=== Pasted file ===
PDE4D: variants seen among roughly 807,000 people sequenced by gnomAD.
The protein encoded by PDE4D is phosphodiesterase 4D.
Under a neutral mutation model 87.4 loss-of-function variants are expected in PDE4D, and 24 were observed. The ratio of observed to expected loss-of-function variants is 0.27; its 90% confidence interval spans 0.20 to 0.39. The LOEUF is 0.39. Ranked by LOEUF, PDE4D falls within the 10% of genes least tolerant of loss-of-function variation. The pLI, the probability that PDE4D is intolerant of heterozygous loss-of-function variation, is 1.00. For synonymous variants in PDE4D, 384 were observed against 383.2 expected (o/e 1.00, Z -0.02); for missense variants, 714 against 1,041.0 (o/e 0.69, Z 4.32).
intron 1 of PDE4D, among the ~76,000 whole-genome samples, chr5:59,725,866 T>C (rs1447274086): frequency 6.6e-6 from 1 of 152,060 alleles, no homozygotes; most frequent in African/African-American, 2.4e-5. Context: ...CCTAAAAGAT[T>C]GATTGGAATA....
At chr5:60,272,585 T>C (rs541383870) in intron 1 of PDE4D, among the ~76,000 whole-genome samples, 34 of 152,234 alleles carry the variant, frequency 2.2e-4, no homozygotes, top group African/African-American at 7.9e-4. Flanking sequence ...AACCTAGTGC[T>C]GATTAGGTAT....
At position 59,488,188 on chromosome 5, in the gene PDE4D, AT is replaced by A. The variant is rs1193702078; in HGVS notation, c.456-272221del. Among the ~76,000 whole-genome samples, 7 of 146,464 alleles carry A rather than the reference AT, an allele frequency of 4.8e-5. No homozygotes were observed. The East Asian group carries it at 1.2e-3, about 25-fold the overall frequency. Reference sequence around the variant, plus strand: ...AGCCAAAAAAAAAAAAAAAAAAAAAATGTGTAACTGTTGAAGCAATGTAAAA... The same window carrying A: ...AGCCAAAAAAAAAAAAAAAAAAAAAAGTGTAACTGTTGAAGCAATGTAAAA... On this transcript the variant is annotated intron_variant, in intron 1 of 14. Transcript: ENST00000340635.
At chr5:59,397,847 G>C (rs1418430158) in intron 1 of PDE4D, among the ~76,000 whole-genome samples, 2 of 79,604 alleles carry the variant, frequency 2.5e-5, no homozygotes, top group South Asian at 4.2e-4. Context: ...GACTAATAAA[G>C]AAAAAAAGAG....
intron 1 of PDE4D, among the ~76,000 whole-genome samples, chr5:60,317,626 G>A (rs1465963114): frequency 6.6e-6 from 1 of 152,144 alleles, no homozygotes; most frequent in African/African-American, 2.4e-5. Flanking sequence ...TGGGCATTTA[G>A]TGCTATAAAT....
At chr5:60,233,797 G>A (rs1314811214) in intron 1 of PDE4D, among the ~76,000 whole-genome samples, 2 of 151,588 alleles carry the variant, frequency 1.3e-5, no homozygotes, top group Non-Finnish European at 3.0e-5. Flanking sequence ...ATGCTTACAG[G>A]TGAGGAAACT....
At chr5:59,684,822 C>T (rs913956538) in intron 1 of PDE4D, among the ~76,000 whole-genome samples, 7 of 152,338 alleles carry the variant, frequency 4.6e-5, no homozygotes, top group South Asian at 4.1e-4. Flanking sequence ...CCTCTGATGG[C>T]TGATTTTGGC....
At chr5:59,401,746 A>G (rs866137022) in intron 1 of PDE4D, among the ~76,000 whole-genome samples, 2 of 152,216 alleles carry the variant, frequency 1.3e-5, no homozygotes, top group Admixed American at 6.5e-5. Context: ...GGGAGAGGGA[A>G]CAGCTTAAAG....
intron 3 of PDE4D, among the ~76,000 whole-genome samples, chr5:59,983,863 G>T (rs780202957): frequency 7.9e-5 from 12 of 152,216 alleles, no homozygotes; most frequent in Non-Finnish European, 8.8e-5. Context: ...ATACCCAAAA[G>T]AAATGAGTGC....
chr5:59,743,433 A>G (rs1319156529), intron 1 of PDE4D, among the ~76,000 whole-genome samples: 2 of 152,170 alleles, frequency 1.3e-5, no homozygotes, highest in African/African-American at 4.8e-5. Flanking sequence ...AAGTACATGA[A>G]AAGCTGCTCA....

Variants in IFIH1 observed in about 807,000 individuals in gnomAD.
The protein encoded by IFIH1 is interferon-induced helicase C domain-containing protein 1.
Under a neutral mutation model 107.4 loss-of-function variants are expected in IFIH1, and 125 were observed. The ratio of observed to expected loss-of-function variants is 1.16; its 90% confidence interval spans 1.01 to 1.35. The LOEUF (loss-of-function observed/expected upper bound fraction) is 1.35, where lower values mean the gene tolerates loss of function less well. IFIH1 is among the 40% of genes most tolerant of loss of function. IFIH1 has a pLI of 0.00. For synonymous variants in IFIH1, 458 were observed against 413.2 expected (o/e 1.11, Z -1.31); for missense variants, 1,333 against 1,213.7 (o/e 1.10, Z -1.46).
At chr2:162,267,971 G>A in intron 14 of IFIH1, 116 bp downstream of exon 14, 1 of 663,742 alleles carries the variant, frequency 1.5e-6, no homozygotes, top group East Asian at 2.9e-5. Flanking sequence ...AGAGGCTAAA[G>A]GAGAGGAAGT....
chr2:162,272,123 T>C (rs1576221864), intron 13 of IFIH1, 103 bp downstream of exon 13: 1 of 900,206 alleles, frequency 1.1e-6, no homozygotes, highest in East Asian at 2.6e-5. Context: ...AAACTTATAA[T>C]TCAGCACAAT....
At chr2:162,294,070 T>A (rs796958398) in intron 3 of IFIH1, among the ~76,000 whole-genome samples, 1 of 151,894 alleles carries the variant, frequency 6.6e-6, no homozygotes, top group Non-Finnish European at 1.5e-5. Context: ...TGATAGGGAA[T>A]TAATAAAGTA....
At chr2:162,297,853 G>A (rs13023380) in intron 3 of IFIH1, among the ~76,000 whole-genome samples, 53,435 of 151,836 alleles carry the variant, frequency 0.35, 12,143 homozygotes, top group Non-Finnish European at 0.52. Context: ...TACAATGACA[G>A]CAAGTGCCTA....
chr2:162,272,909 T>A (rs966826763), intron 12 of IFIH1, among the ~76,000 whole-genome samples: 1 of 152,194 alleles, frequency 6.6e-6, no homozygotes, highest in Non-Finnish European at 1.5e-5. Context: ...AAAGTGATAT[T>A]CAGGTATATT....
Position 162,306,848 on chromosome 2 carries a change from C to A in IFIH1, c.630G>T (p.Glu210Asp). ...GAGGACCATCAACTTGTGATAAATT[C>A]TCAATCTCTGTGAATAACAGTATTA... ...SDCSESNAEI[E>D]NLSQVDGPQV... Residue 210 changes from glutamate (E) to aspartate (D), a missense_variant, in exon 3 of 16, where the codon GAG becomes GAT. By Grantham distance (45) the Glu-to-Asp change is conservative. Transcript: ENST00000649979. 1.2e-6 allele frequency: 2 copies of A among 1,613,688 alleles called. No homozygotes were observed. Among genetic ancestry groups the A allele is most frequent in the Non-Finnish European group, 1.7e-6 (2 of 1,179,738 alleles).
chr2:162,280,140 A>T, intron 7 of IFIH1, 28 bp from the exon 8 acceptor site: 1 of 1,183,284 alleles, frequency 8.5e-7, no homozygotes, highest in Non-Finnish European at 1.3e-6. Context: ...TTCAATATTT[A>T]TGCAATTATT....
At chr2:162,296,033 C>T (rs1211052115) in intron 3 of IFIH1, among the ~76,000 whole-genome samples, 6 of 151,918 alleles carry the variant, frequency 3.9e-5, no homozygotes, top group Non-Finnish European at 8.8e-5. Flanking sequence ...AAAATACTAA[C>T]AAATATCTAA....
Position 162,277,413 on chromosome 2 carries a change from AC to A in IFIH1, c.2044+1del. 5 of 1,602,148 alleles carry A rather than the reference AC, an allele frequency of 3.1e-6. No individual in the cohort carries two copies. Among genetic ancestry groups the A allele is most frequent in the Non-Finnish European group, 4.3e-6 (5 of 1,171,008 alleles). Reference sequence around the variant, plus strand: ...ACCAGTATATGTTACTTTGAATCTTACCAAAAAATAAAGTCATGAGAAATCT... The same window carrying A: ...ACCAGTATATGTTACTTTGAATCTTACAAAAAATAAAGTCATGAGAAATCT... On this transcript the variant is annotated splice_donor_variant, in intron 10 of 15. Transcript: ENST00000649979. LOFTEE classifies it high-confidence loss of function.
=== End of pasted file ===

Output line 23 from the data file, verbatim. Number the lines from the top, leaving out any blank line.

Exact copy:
chr2:162,280,140 A>T, intron 7 of IFIH1, 28 bp from the exon 8 acceptor site: 1 of 1,183,284 alleles, frequency 8.5e-7, no homozygotes, highest in Non-Finnish European at 1.3e-6. Context: ...TTCAATATTT[A>T]TGCAATTATT....